The Reserve Bank of India (RBI) logo is displayed outside of the bank’s headquarters in Mumbai. 

Tata-Docomo Case: RBI Can’t Intervene In Arbitral Award, Rules Delhi High Court

Rejecting the Reserve Bank of India’s (RBI) ability to intervene, the Delhi High Court upheld the consent agreement between Tata Sons Ltd. and NTT Docomo on Friday.

The decision of a single-judge bench of Justice S Muralidhar will allow Tata Sons to pay Docomo $1.17 billion as per the arbitral award by the London Court of International Arbitration (LCIA). Additionally, shares of Tata Teleservices (TTSL) held by Docomo will be transferred to Tata Sons.

Docomo had been fighting Tata Sons over the right to sell back its stake in the Indian wireless venture, to the Tata Group holding company, for at least 50 percent of the original investment, as per the terms of a 2009 agreement. It had moved the high court to enforce an order it won in June last year from the LCIA, which ruled that Tata should pay $1.17 billion to Docomo as compensation for breaching the agreement. The award was opposed by Tata Sons initially, on grounds that the Reserve Bank of India did not allow foreign investors any guaranteed return on an equity investment in India, but the joint venture partners later filed a petition in the high court to settle the matter.

The high court has agreed with the reasoning in the arbitral award that what is being awarded to Docomo is damages and not the price of the shares. It pointed out that LCIA’s direction that shares must be returned to Tata Sons was only incidental.

It could be seen as an acknowledgment of Docomo volunteering to return the share scrips as they were of no particular use to it. It is not open to RBI to re-characterise the nature of the payment in terms of the award to which there is no longer any opposition from Tata, the only party which could possibly oppose its enforcement.
Delhi High Court Order

There is no purchase of shares that is happening; so the question of RBI’s permission does not arise, Sitesh Mukherjee, head of the dispute resolution practice at law firm Trilegal, told BloombergQuint.

The amount that Tata Sons had been directed to pay Docomo by the LCIA was for non-fulfillment of obligations under the shareholder agreement. There was no role that the RBI could play because it was an award for damages and not for specific performance that you shall buy back the shares. 
Sitesh Mukherjee, Head-Dispute Resolution, Trilegal

The order also states that the RBI has failed to place before the court any regulatory requirement that Docomo should seek permission to receive the amount as damages. The court order makes it clear that as long as the award stands, there is no need for any special permission of the RBI for remission by Tata Sons of the amount awarded to Docomo as damages.

There is no such statutory requirement that where the enforcement of an arbitral award might result in remitting money to a non-Indian entity outside India, or to an account of a party outside India, the RBI has to necessarily be heard on the validity of the award. The mere fact that a statutory body’s power and jurisdiction might be discussed in an adjudication order or an award will not confer locus standi on such body or entity to intervene in those proceedings.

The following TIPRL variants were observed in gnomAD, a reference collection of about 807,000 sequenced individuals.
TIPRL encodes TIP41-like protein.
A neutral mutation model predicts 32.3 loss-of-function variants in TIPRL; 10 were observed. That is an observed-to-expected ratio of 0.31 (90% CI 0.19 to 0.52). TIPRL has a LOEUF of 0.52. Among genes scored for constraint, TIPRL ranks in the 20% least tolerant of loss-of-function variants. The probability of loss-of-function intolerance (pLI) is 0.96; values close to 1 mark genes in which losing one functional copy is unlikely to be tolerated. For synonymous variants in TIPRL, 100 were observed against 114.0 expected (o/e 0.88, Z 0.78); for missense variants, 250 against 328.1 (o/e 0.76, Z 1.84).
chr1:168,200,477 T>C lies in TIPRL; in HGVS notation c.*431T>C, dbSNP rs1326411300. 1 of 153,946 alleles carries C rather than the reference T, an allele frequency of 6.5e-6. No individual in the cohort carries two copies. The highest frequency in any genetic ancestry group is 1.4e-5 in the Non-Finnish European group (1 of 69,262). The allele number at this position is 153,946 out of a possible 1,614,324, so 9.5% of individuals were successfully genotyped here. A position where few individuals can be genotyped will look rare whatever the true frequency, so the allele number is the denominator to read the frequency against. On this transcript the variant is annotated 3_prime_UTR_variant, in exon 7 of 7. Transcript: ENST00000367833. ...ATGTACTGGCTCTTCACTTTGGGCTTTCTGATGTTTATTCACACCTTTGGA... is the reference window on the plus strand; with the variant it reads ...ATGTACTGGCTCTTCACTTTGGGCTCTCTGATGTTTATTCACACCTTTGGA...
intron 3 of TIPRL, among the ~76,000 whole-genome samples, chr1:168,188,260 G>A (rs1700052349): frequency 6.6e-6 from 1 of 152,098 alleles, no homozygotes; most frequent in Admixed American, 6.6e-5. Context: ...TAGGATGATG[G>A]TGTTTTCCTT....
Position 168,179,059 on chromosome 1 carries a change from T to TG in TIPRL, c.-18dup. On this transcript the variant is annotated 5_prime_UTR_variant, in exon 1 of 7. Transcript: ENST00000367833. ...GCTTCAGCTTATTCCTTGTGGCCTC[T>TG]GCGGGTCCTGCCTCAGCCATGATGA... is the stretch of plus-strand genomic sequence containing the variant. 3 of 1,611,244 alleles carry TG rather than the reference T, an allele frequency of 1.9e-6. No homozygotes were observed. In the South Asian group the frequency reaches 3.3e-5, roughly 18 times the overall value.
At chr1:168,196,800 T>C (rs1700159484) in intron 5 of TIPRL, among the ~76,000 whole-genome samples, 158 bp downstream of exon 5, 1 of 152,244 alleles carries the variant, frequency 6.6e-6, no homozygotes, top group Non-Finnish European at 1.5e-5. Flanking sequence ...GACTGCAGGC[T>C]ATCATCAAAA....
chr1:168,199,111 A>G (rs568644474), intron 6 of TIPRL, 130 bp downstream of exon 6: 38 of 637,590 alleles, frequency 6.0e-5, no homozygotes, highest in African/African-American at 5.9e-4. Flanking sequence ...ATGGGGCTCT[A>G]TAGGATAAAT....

Delhi High Court Order

The matter before the high court was at the stage of recognition of the arbitral award and the RBI couldn’t have intervened, Anand Desai, partner at law firm DSK Legal, said.

Mukherjee agreed with the court’s reasoning that the RBI’s permission was not needed since the agreement provided for legal ways to carry out the obligations.

Legal way was to find a buyer at the agreed price as per the shareholders’ agreement. The fact that Tata Sons couldn’t perform the contract in ways it was legal doesn’t mean their liability to pay compensation to Docomo will be illegal or void.
Sitesh Mukherjee, Head-Dispute Resolution, Trilegal

Besides rejecting RBI’s locus, the high court order also concludes that the shareholder agreement between Tata Sons and Docomo is not violative of the foreign investment rules. It says that RBI’s Foreign Exchange Management Act (FEMA) contains no absolute prohibition on contractual obligations when it’s possible to carry out such obligations without special permission of the regulator.

The AT’s (arbitral tribunal’s) interpretation of the various provisions of the FEMA and the regulations thereunder have also not been shown to be improbable or perverse. What was invested by Docomo was US$ 2.5 billion and what it will receive in terms of the award is only 50 percent of that amount. The court finds that no ground under Section 48 of the (Arbitration) Act (conditions for enforcement of foreign awards) is attracted to deny the enforcement of the award.
Delhi High Court Order

The order leaves no scope for the RBI to object; it clearly says Docomo can remit the money, Desai said.

If Tata Sons had not challenged the award and had RBI not represented its case before the court, it may have been able to investigate, and if Tata Sons was found to have done indirectly what it could not have done directly (i.e., buy TTSL shares at higher than market value) it may have been able to penalise Tata Sons, Murali Neelakantan, a lawyer who practices corporate law told BloombergQuint.

However, this course of action is no longer open to RBI with the court ruling that what Tata Sons was paying DoCoMo was damages and not consideration for share transfer. The RBI cannot have an opinion on the transaction which is contrary to that of the Delhi High Court. 
Murali Neelakantan, Corporate Lawyer

Interestingly, in a similar matter, while allowing the enforcement of the arbitral award, the Delhi High Court had left the window open for the RBI to proceed against the party for any FEMA violations.